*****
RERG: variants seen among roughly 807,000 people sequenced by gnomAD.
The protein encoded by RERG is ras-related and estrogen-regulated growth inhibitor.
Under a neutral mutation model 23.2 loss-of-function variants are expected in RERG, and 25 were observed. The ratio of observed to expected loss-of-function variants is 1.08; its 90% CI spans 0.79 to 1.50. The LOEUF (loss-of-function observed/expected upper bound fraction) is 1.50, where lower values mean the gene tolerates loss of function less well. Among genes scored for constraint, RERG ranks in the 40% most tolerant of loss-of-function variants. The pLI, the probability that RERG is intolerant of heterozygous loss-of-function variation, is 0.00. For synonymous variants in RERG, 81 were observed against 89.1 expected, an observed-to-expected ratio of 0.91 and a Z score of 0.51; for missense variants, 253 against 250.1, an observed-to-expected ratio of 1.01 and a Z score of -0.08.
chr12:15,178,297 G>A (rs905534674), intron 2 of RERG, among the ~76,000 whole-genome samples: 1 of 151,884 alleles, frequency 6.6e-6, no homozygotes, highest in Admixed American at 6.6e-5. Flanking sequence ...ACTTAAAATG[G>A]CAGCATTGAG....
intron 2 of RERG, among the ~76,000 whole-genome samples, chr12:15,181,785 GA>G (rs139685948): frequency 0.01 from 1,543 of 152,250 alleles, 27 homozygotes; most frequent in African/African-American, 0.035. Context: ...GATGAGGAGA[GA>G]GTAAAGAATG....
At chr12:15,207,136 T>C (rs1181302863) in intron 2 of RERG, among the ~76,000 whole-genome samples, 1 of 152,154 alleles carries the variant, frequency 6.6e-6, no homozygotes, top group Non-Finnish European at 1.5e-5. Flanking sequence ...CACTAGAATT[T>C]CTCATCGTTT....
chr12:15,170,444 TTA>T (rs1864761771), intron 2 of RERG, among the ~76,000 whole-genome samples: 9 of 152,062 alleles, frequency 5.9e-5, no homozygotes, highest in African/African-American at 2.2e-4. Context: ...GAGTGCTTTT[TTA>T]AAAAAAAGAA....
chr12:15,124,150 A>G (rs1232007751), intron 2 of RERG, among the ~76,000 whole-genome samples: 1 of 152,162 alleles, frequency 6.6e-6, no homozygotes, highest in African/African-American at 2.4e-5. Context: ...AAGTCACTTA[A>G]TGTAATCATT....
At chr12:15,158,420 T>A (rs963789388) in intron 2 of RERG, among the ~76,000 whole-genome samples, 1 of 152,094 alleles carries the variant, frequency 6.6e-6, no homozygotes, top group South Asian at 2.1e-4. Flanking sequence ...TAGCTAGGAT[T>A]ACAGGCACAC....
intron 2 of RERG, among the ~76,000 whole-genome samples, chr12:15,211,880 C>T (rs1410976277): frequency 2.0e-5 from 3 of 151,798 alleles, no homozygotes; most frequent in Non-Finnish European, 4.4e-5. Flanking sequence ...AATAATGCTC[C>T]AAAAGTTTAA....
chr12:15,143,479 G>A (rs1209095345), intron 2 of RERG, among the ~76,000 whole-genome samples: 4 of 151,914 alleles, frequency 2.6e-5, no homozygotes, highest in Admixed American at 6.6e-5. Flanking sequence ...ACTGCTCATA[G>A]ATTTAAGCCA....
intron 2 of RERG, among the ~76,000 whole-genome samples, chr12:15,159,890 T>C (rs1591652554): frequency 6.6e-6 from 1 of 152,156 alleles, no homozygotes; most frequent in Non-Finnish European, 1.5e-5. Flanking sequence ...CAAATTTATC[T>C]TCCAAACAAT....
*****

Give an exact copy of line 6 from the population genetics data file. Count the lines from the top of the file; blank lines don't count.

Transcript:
At chr12:15,207,136 T>C (rs1181302863) in intron 2 of RERG, among the ~76,000 whole-genome samples, 1 of 152,154 alleles carries the variant, frequency 6.6e-6, no homozygotes, top group Non-Finnish European at 1.5e-5. Flanking sequence ...CACTAGAATT[T>C]CTCATCGTTT....